Global crisis

Marco Onado, 21 February 2017

European banks have not recovered from the Global Crisis, in part due to heavy provisions for non-performing loans. This column argues that a comprehensive approach to the issue in Europe could address market inefficiencies and reduce bad loans to bearable levels. The establishment of a European scheme to securitise non-performing loans should form one of the next steps towards recovery.

Fabio Berton, Sauro Mocetti, Andrea Presbitero, Matteo Richiardi, 09 February 2017

Understanding the real effects of financial shocks is essential for the design of effective growth-restoring policies. This column uses data on job contracts matched with the universe of firms and their banks from a region of Italy to analyse the employment effects of financial shocks. Financially constrained firms – especially the least productive ones – significantly reduced employment, mostly of less-educated and lower-skilled workers with temporary contracts. While these results suggest possible distributional effects across workers, they could also reflect a productivity-enhancing reallocation function of financial shocks.

Biswajit Banerjee, Fabrizio Coricelli, 08 February 2017

Financial markets and the banking sectors in several European countries are still struggling to recover from the Global crisis, with many instances of unresolved problems involving bad loans and fragility of banks. This column introduces a new CEPR eBook, drawing on research presented at the first conference of the European Central Banking Network, which examines the relationship between credit booms and busts and the potential misallocation of resources. Improving the functioning of credit markets and their ability to improve the allocation of resources is crucial to lift Europe out of the phase of low growth that has followed the Global Crisis.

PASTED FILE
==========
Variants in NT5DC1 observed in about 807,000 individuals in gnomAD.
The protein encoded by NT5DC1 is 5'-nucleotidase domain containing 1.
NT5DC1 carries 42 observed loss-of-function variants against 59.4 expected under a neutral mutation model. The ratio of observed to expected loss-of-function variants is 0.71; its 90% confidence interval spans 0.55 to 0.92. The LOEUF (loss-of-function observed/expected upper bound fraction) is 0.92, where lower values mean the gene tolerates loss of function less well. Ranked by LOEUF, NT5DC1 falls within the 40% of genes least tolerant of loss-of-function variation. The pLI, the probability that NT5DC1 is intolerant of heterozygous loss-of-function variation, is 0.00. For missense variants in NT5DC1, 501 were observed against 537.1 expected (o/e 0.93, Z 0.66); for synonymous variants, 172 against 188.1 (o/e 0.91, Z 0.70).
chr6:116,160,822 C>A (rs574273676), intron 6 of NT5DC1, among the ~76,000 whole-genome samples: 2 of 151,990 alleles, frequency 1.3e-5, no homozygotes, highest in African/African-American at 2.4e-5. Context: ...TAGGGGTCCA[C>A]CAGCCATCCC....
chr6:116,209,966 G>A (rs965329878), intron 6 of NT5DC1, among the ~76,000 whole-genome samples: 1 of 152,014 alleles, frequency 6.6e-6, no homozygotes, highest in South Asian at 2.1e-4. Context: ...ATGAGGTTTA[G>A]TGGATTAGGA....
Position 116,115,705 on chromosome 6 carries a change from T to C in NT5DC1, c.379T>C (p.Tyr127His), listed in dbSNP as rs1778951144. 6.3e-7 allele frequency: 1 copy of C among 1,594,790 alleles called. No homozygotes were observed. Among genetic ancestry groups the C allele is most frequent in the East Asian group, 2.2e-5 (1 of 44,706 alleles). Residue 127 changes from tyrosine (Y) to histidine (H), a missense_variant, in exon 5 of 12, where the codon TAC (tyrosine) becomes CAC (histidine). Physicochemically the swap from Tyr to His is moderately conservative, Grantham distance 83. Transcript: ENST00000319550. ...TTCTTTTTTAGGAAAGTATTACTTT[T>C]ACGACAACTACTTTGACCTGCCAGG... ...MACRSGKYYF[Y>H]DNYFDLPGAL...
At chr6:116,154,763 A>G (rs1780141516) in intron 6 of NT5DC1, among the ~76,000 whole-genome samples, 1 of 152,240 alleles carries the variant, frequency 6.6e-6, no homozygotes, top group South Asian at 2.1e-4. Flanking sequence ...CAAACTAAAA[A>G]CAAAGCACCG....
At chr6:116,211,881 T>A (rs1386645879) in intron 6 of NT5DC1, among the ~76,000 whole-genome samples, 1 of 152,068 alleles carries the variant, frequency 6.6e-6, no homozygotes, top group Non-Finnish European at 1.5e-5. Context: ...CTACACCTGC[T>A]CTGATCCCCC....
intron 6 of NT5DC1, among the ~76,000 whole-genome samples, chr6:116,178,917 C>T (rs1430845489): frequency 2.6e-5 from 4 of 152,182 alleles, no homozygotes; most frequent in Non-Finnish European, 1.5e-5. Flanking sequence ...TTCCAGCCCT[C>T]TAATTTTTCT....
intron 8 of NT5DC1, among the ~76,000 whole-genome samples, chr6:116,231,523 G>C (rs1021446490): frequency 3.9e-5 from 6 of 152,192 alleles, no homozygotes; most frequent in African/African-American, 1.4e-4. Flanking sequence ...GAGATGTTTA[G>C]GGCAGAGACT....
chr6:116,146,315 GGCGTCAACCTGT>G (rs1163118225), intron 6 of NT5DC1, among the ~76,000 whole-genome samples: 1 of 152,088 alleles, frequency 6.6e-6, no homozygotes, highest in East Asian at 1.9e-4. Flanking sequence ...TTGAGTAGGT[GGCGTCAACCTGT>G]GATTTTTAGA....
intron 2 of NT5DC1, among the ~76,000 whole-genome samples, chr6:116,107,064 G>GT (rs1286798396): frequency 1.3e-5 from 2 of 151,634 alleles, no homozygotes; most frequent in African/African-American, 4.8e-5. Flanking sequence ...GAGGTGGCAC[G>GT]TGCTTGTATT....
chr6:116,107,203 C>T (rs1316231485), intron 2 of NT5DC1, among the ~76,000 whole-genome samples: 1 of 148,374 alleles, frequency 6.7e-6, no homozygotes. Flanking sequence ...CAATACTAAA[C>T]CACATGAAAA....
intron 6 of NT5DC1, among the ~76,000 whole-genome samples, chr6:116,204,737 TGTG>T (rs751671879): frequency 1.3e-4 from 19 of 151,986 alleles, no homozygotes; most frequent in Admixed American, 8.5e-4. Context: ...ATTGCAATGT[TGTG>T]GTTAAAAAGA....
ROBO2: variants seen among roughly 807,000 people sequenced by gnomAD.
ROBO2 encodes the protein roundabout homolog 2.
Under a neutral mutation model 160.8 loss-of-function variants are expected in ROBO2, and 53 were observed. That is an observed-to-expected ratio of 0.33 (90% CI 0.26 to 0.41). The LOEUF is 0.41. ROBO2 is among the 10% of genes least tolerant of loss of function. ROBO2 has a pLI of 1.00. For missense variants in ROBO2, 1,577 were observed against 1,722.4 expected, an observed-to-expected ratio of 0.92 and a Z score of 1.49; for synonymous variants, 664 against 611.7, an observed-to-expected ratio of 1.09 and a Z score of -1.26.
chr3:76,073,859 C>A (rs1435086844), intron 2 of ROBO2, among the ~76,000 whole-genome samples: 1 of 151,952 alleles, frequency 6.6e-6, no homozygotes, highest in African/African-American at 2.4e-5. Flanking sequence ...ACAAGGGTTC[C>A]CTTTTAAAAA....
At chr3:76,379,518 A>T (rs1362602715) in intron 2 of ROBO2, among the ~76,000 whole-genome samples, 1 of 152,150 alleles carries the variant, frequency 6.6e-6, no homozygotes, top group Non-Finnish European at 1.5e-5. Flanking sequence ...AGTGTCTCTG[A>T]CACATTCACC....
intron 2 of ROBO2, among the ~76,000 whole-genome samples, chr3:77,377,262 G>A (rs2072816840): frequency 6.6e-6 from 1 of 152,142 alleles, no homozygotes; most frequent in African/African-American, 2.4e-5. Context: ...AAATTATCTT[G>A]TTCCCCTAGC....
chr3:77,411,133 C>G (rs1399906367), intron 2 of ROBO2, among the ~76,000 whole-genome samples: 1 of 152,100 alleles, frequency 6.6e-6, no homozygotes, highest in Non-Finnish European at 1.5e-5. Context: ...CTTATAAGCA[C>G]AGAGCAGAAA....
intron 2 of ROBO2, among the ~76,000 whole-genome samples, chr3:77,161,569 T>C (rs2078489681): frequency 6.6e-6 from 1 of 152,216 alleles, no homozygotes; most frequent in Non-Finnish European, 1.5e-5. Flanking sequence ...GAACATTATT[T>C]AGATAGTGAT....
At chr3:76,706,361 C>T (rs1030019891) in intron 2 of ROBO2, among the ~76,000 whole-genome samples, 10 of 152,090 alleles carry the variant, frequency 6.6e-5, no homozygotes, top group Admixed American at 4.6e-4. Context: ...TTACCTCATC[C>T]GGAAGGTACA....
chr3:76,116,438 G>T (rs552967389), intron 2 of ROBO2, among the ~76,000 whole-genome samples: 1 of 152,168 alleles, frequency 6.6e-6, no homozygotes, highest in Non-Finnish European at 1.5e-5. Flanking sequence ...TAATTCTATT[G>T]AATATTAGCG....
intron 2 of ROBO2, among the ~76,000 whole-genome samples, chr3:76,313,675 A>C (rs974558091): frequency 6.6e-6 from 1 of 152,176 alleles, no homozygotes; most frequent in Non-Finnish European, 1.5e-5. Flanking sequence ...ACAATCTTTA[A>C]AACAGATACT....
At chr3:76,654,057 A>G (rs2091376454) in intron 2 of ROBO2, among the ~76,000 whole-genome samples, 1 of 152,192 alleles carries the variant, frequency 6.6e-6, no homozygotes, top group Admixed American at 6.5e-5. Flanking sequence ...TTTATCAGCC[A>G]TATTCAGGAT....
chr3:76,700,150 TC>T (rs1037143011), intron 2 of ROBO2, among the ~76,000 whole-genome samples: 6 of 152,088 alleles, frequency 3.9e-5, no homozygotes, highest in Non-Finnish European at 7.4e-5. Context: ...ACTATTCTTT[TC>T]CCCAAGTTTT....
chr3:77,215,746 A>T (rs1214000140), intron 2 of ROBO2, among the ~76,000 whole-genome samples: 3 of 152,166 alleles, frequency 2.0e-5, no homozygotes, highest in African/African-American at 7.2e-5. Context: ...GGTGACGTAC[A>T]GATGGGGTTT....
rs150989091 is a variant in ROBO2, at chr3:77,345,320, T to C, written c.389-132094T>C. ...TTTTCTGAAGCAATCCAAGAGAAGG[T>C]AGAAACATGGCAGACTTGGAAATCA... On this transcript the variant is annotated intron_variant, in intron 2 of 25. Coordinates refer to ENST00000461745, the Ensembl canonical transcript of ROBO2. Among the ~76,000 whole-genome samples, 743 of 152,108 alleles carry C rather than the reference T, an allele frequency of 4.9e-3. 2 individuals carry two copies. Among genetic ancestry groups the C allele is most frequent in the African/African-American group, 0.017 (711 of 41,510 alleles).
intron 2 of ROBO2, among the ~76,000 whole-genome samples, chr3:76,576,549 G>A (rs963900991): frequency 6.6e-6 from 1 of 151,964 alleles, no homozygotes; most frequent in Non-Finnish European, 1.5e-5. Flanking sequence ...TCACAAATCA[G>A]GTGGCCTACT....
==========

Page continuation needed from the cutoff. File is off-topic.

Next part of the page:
David Marques-Ibanez, Michiel van Leuvensteijn, 03 February 2017

An unprecedented process of deregulation took place in the banking sector in the three decades prior to the Global Crisis. This column argues that during periods of intense bank competition, financial innovation can compound the adverse effects of competition on stability. Coupled with strong competition, the significant use of one such innovation – securitisation – in the run-up to the crisis was related to high levels of bank risk.

Jakob de Haan, Sylvester Eijffinger, 27 January 2017

It has been observed that since the start of the Global Crisis, central banks in most advanced economies have become more powerful and political, but they have not become more accountable. This column discusses why central bank independence matters, and looks at whether it has changed since the crisis. 

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